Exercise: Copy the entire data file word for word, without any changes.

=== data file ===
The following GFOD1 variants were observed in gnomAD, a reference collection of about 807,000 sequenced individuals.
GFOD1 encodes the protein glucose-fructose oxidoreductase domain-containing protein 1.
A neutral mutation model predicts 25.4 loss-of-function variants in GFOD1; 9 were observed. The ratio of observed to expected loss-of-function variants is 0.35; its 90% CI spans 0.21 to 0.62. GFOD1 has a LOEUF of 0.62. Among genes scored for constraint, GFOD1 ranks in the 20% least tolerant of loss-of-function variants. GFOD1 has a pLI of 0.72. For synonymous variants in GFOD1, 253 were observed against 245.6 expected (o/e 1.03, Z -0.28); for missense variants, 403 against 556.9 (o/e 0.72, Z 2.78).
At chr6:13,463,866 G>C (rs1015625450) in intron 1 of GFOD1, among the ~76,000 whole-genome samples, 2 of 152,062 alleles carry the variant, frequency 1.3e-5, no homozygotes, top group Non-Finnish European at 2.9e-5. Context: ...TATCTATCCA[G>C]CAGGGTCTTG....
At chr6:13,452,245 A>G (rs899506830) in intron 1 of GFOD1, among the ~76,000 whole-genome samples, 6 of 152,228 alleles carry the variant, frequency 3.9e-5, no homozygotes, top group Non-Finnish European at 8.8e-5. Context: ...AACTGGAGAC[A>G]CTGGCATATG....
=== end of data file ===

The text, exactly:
The following GFOD1 variants were observed in gnomAD, a reference collection of about 807,000 sequenced individuals.
GFOD1 encodes the protein glucose-fructose oxidoreductase domain-containing protein 1.
A neutral mutation model predicts 25.4 loss-of-function variants in GFOD1; 9 were observed. The ratio of observed to expected loss-of-function variants is 0.35; its 90% CI spans 0.21 to 0.62. GFOD1 has a LOEUF of 0.62. Among genes scored for constraint, GFOD1 ranks in the 20% least tolerant of loss-of-function variants. GFOD1 has a pLI of 0.72. For synonymous variants in GFOD1, 253 were observed against 245.6 expected (o/e 1.03, Z -0.28); for missense variants, 403 against 556.9 (o/e 0.72, Z 2.78).
At chr6:13,463,866 G>C (rs1015625450) in intron 1 of GFOD1, among the ~76,000 whole-genome samples, 2 of 152,062 alleles carry the variant, frequency 1.3e-5, no homozygotes, top group Non-Finnish European at 2.9e-5. Context: ...TATCTATCCA[G>C]CAGGGTCTTG....
At chr6:13,452,245 A>G (rs899506830) in intron 1 of GFOD1, among the ~76,000 whole-genome samples, 6 of 152,228 alleles carry the variant, frequency 3.9e-5, no homozygotes, top group Non-Finnish European at 8.8e-5. Context: ...AACTGGAGAC[A>G]CTGGCATATG....